Connecting universities, leading-edge science, and meaningful data
By building and maintaining vibrant connections to the academic community, Computing helps LLNL meet its mission of strengthening national security through the development and application of world-class computational science and technology. Computational science evolves so rapidly and along so many fronts that, to define and exploit the leading edge, we engage many academic centers of excellence through joint research, collaborative subcontracts, faculty visits, sabbatical arrangements, student internships, and a postdoctoral research program.
In turn, collaborating with LLNL enables researchers to apply cutting-edge techniques to real-world problems. This process is potentially applicable to a variety of applications, from nuclear weapons effects to efficient manufacturing, from global economics to a basic understanding of the universe. Ideas flow in both directions, and both parties benefit.
Academic collaborations are a well-established avenue for computational and computer science research at LLNL. The Laboratory has been collaborating with academic researchers in this area since its inception, and the number of collaborating institutions and breadth of collaboration areas has grown steadily over the years.
In 2016, Computing participated in more than 300 joint research and collaborative subcontracts with researchers at universities, national laboratories, and government institutions around the world. Projects range from ultrahigh resolution climate simulations to geological data analysis to computational astrophysics to search user interfaces.
While we offer academic collaborators access to leading researchers and computing resources, perhaps our most significant asset is our community of potential users. Developing innovative solutions to many problems in computational science relies heavily on how well the researcher understands the problem domain.
Very often, in fact, our research partners will work directly with scientists who will be using the application or simulation being developed; connecting with users and potential users can generate additional insights into the problem to be solved and applications for the solution.
We put research results to good use at LLNL. Software breakthroughs delivered to applications groups at the Laboratory are often initiated or catalyzed by academic collaborators or visitors. For example, LLNL’s hypre, a scalable solver library, was enhanced with the first provably scalable solver for the positive semidefinite form of Maxwell’s equations on general unstructured meshes as a direct result of a seminar by computational mathematician Jinchao Xu of Penn State.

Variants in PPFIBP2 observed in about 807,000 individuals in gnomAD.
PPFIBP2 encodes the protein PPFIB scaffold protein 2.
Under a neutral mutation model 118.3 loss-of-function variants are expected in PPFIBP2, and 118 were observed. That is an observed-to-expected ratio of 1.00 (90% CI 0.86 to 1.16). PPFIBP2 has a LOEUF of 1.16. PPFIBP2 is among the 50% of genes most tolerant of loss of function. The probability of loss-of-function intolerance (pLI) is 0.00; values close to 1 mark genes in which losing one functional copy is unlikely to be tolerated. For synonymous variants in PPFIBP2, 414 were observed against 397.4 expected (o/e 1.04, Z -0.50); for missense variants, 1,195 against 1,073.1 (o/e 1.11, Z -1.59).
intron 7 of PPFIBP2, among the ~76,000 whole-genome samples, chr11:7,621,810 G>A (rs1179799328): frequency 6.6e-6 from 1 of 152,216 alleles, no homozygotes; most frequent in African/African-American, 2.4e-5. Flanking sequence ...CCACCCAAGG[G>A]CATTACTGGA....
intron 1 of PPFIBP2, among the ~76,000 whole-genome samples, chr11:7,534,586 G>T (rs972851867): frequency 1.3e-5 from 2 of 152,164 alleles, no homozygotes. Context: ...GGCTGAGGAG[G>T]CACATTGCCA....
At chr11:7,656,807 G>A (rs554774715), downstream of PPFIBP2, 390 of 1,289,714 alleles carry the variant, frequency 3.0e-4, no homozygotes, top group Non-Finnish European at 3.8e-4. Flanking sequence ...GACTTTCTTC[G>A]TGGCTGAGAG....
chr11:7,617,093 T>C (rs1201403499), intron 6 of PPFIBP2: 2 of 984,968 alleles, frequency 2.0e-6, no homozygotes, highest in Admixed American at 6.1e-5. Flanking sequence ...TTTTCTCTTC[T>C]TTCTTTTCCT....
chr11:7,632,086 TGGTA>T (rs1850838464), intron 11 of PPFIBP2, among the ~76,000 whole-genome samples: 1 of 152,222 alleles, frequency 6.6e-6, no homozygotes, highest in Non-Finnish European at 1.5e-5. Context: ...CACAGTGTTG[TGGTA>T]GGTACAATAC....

We build long-term relationships through our collaborations. Some of our joint research projects span many years. Some of our partnerships develop out of student–mentor relationships formed when an academic researcher participated in our postdoctoral or student programs.
And though there are hundreds or even thousands of other institutions pursuing computational research, we are pleased to find that many of our collaborators, once they have worked with us, continue to partner with LLNL for their future research efforts.
- Academic collaborations enable researchers to apply cutting-edge techniques to real-world problems.
- The breadth of academic collaborations with Computing is growing.
- Working directly with potential users at LLNL can shed light on a tough research problem.
CASC Academic Engagement Program
LLNL’s Center for Applied Scientific Computing (CASC) facilitates outreach with the academic research community through the Academic Engagement Program (CASC-AEP). The program includes the Computing Masterworks Lecture Series, support for visiting faculty and collaborators, and assistance with subcontracts.
The Predictive Science Academic Alliance Program (PSAAP) is one example of how we partner with academia. PSAAP is an academic and applied research program that focuses on the emerging field of predictive science, which is the application of verified and validated computational simulations to predict properties and dynamics of complex systems.